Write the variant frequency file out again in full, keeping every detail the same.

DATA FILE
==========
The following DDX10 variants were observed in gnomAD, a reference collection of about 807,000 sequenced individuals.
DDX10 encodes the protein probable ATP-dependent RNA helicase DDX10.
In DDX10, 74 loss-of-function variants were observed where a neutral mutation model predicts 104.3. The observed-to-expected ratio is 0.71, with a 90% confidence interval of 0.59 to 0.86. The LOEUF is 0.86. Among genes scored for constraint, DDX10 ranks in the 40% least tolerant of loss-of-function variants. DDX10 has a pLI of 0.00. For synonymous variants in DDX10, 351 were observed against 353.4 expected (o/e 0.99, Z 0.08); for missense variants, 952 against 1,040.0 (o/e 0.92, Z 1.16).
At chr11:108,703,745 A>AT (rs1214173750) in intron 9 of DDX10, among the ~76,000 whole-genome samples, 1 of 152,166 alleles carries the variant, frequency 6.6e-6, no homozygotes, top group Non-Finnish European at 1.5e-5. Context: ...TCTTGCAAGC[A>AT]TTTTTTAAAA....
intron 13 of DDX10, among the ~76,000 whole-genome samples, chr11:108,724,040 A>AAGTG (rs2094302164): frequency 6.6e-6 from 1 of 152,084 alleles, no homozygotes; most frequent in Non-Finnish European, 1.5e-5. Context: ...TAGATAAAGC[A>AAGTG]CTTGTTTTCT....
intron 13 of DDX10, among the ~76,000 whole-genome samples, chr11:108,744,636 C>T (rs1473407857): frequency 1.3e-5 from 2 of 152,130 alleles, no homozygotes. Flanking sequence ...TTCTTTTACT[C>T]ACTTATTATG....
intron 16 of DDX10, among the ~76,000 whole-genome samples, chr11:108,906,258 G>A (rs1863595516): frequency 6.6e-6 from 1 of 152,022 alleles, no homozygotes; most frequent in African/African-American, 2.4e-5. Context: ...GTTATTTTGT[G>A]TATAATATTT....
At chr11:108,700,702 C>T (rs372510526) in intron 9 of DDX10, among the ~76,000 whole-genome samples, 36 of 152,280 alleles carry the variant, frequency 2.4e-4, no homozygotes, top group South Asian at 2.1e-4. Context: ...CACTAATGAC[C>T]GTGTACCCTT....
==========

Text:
The following DDX10 variants were observed in gnomAD, a reference collection of about 807,000 sequenced individuals.
DDX10 encodes the protein probable ATP-dependent RNA helicase DDX10.
In DDX10, 74 loss-of-function variants were observed where a neutral mutation model predicts 104.3. The observed-to-expected ratio is 0.71, with a 90% confidence interval of 0.59 to 0.86. The LOEUF is 0.86. Among genes scored for constraint, DDX10 ranks in the 40% least tolerant of loss-of-function variants. DDX10 has a pLI of 0.00. For synonymous variants in DDX10, 351 were observed against 353.4 expected (o/e 0.99, Z 0.08); for missense variants, 952 against 1,040.0 (o/e 0.92, Z 1.16).
At chr11:108,703,745 A>AT (rs1214173750) in intron 9 of DDX10, among the ~76,000 whole-genome samples, 1 of 152,166 alleles carries the variant, frequency 6.6e-6, no homozygotes, top group Non-Finnish European at 1.5e-5. Context: ...TCTTGCAAGC[A>AT]TTTTTTAAAA....
intron 13 of DDX10, among the ~76,000 whole-genome samples, chr11:108,724,040 A>AAGTG (rs2094302164): frequency 6.6e-6 from 1 of 152,084 alleles, no homozygotes; most frequent in Non-Finnish European, 1.5e-5. Context: ...TAGATAAAGC[A>AAGTG]CTTGTTTTCT....
intron 13 of DDX10, among the ~76,000 whole-genome samples, chr11:108,744,636 C>T (rs1473407857): frequency 1.3e-5 from 2 of 152,130 alleles, no homozygotes. Flanking sequence ...TTCTTTTACT[C>T]ACTTATTATG....
intron 16 of DDX10, among the ~76,000 whole-genome samples, chr11:108,906,258 G>A (rs1863595516): frequency 6.6e-6 from 1 of 152,022 alleles, no homozygotes; most frequent in African/African-American, 2.4e-5. Context: ...GTTATTTTGT[G>A]TATAATATTT....
At chr11:108,700,702 C>T (rs372510526) in intron 9 of DDX10, among the ~76,000 whole-genome samples, 36 of 152,280 alleles carry the variant, frequency 2.4e-4, no homozygotes, top group South Asian at 2.1e-4. Context: ...CACTAATGAC[C>T]GTGTACCCTT....